Mathematical Problems in Engineering

Volume 2015, Article ID 356146, 7 pages

http://dx.doi.org/10.1155/2015/356146

## A Novel Dynamic Method in Distributed Network Attack-Defense Game

^{1}College of Computer Science and Technology, Beijing University of Posts and Telecommunications, Beijing 100876, China^{2}College of Software Engineering, Beijing University of Posts and Telecommunications, Beijing 100876, China

Received 5 January 2015; Revised 4 March 2015; Accepted 4 March 2015

Academic Editor: Hui Zhang

Copyright © 2015 Liu Xiaojian and Yuan Yuyu. This is an open access article distributed under the Creative Commons Attribution License, which permits unrestricted use, distribution, and reproduction in any medium, provided the original work is properly cited.

#### Abstract

We analyze the distributed network attack-defense game scenarios, and we find that attackers and defenders have different information acquisition abilities since the ownership of the target system. Correspondingly, they will have different initiative and reaction in the game. Based on that, we propose a novel dynamic game method for distributed network attack-defense game. The method takes advantage of defenders’ information superiority and attackers’ imitation behaviors and induces attackers’ reaction evolutionary process in the game to gain more defense payoffs. Experiments show that our method can achieve relatively more average defense payoffs than previous work.

#### 1. Introduction

Modern organizations embed information and communication technologies (ICT) into their core processes as means to facilitate the collection, storage, processing, and exchange of data to increase operational efficiency, improve decision quality, and reduce costs [1]. In this way, distributed system is becoming widely used. Despite the significant benefits of distributed system, the system also places the processing tasks at the risk due to “distributed vulnerability.” Traditional approaches to improve security generally consider only system vulnerabilities and attempt to defend all the attacks through system upgrading. No matter if the assuming attacks come, the defending resources have to be inputted. In distributed system, these keeping upgrading approaches will result in a huge waste of defending resource. Regarding this, game theory has been applied in network security.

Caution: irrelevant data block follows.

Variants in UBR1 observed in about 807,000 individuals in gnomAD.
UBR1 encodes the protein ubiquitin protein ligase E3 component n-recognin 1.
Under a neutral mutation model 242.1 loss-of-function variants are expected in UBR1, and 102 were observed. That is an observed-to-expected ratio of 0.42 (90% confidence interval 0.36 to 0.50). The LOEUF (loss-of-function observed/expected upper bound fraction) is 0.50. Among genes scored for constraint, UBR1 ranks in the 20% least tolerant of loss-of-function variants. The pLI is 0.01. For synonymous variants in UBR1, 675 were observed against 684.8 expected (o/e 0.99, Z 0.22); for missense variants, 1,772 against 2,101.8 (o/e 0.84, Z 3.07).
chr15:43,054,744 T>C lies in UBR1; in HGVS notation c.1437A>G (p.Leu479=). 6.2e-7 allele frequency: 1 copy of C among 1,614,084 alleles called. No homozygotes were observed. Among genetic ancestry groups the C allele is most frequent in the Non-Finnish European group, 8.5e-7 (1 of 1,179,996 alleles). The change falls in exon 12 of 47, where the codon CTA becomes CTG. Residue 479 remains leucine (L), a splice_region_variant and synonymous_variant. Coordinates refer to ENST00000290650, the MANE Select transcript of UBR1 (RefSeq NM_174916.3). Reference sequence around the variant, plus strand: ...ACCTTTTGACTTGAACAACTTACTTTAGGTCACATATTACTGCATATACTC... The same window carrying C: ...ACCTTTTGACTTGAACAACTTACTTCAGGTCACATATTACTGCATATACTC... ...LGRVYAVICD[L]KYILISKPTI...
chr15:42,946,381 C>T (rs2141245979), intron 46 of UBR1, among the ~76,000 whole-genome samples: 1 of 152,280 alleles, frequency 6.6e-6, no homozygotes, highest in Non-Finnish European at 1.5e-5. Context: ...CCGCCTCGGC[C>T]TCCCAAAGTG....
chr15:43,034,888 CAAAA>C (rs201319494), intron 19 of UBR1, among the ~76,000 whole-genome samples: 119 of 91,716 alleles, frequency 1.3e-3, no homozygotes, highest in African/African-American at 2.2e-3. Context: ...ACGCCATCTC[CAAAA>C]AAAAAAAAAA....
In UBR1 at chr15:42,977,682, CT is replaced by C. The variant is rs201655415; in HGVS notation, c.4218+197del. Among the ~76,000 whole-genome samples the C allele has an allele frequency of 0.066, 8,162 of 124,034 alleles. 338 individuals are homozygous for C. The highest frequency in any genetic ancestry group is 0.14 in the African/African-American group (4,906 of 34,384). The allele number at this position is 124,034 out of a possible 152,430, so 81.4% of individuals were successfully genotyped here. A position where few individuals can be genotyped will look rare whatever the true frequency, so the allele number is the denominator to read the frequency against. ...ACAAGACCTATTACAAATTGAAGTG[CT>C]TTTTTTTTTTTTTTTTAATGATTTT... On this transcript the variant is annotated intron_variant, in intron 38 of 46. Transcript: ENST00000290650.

In traditional game theory, equilibrium is achieved through players’ analysis and reasoning based on common view about game rules, players’ reason, and payoff matrix. Generally, the game players are the interactional individuals. Even as group-player, the members should be consubstantial with the same rational characteristics, strategies, and payoffs. However, this strong rational assumption of traditional game theory is receiving more and more criticism from game theory experts and economists [2].

In reality, there exist a large number of game problems between individual-player and group-player. For example, in distributed network attack-defense game scenarios, system officers, as defenders of the system, are consubstantial and can be regarded as individual-player (we use singular form to indicate individual-player and use plural form to indicate group-player). The defender has more information about system, game structure, and payoff matrix. Even if they temporarily lack knowledge, the defender has more resources to fill in the blank. So the defender is easier to make rational decision. On the other hand, attackers are regarded as group-player, because of their different information acquisition abilities and rational characteristics. In the game process, attackers will perform in an incomplete rational way and tend to imitate high payoff strategy behaviors. The process of imitation can be regarded as evolutionary process. As the theory of learning stated, the equilibrium is the results of the long-term process that players with incomplete rationality seek for optimization [3]. In distributed network attack-defense game scenarios, game players, especially attackers as group-player, dynamically adjust their strategies based on game situation and press on towards dynamic equilibrium.